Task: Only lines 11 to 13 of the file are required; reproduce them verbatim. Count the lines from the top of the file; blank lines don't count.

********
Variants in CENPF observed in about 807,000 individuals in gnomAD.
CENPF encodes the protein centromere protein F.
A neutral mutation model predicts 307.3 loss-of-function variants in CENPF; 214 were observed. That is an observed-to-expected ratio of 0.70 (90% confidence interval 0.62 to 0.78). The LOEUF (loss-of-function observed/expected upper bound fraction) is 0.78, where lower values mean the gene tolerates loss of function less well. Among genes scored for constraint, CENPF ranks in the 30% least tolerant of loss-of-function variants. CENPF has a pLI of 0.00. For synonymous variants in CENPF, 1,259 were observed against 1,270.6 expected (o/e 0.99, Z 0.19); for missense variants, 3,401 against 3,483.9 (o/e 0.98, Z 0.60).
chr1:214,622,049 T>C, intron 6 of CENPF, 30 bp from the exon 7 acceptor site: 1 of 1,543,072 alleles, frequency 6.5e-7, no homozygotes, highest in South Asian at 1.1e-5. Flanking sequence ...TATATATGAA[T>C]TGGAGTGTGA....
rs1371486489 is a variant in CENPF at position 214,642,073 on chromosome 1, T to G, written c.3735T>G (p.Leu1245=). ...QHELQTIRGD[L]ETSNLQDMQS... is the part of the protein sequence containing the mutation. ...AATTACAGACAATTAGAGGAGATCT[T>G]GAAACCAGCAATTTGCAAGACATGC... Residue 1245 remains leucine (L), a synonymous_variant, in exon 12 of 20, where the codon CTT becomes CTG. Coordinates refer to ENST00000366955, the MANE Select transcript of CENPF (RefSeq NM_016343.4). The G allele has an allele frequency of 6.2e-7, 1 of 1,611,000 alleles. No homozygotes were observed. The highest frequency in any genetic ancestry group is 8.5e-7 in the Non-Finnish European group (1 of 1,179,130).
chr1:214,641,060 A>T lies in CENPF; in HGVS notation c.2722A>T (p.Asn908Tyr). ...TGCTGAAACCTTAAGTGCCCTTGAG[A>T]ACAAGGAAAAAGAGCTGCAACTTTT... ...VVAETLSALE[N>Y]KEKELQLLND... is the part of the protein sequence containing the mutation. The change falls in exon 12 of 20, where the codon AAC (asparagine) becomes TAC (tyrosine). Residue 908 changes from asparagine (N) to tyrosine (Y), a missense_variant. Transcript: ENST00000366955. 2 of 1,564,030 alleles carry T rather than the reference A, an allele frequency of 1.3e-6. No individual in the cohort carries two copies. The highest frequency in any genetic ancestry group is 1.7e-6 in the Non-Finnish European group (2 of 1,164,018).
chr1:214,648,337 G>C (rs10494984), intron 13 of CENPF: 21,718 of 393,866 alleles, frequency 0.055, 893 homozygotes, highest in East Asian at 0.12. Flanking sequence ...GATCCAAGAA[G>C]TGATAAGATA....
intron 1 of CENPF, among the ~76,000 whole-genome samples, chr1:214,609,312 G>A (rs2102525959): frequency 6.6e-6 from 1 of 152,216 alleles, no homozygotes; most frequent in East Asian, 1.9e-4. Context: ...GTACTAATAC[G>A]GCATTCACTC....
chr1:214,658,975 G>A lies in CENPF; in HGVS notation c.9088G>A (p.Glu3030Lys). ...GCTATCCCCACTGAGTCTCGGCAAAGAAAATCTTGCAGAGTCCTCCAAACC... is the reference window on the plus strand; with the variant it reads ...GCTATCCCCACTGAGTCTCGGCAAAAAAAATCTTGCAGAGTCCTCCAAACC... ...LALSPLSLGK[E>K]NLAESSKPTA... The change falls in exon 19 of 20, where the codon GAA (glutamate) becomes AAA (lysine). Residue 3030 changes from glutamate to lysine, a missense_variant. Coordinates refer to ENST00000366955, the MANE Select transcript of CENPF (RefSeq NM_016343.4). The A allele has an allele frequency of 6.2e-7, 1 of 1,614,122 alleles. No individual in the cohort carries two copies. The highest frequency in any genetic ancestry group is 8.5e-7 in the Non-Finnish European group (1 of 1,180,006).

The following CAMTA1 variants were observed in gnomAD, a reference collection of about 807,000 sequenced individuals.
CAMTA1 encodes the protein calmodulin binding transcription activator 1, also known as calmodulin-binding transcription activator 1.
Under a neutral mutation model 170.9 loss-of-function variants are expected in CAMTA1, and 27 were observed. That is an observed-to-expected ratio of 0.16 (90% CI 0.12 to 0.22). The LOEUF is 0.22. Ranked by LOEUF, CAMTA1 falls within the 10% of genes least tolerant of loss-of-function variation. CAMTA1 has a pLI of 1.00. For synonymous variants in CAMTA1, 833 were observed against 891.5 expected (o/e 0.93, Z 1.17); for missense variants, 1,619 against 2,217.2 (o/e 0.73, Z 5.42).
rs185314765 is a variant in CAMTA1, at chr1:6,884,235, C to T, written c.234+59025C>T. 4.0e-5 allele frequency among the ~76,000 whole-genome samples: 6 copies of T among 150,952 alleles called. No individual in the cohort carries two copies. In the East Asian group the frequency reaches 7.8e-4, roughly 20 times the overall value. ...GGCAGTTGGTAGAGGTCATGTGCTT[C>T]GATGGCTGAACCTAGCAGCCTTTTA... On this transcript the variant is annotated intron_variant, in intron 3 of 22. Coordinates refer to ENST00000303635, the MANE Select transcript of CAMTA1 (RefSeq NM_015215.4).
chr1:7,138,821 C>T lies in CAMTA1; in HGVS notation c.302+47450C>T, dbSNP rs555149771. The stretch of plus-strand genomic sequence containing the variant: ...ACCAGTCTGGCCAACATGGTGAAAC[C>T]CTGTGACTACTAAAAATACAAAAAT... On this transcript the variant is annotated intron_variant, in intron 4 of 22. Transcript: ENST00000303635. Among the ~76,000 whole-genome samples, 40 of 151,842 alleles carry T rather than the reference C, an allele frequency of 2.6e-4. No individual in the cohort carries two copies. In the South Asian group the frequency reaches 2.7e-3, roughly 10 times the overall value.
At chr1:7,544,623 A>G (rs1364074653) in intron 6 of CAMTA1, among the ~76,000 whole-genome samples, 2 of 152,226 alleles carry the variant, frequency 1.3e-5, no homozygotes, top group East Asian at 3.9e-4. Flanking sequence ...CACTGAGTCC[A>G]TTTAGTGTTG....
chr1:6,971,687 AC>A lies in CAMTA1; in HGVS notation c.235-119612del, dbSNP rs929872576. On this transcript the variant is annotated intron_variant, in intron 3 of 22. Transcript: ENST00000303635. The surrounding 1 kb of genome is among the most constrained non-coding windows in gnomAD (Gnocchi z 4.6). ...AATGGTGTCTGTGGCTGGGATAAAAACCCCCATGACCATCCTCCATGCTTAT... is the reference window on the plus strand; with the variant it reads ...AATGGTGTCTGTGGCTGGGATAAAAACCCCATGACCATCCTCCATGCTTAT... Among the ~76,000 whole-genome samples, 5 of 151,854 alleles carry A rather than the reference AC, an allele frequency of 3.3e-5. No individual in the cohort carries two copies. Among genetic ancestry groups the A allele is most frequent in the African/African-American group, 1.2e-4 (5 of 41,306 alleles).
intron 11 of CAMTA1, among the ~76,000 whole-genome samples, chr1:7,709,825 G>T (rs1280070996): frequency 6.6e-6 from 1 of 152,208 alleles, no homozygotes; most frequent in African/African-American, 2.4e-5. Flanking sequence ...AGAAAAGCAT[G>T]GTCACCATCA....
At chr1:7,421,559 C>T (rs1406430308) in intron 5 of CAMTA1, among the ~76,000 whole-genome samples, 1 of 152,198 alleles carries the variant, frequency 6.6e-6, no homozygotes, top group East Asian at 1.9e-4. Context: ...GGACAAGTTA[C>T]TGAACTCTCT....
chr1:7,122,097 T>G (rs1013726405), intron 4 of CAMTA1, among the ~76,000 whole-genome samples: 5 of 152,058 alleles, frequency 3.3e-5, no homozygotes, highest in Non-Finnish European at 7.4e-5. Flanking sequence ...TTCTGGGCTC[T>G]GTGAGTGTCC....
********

CAMTA1 encodes the protein calmodulin binding transcription activator 1, also known as calmodulin-binding transcription activator 1.
Under a neutral mutation model 170.9 loss-of-function variants are expected in CAMTA1, and 27 were observed. That is an observed-to-expected ratio of 0.16 (90% CI 0.12 to 0.22). The LOEUF is 0.22. Ranked by LOEUF, CAMTA1 falls within the 10% of genes least tolerant of loss-of-function variation. CAMTA1 has a pLI of 1.00. For synonymous variants in CAMTA1, 833 were observed against 891.5 expected (o/e 0.93, Z 1.17); for missense variants, 1,619 against 2,217.2 (o/e 0.73, Z 5.42).
rs185314765 is a variant in CAMTA1, at chr1:6,884,235, C to T, written c.234+59025C>T. 4.0e-5 allele frequency among the ~76,000 whole-genome samples: 6 copies of T among 150,952 alleles called. No individual in the cohort carries two copies. In the East Asian group the frequency reaches 7.8e-4, roughly 20 times the overall value. ...GGCAGTTGGTAGAGGTCATGTGCTT[C>T]GATGGCTGAACCTAGCAGCCTTTTA... On this transcript the variant is annotated intron_variant, in intron 3 of 22. Coordinates refer to ENST00000303635, the MANE Select transcript of CAMTA1 (RefSeq NM_015215.4).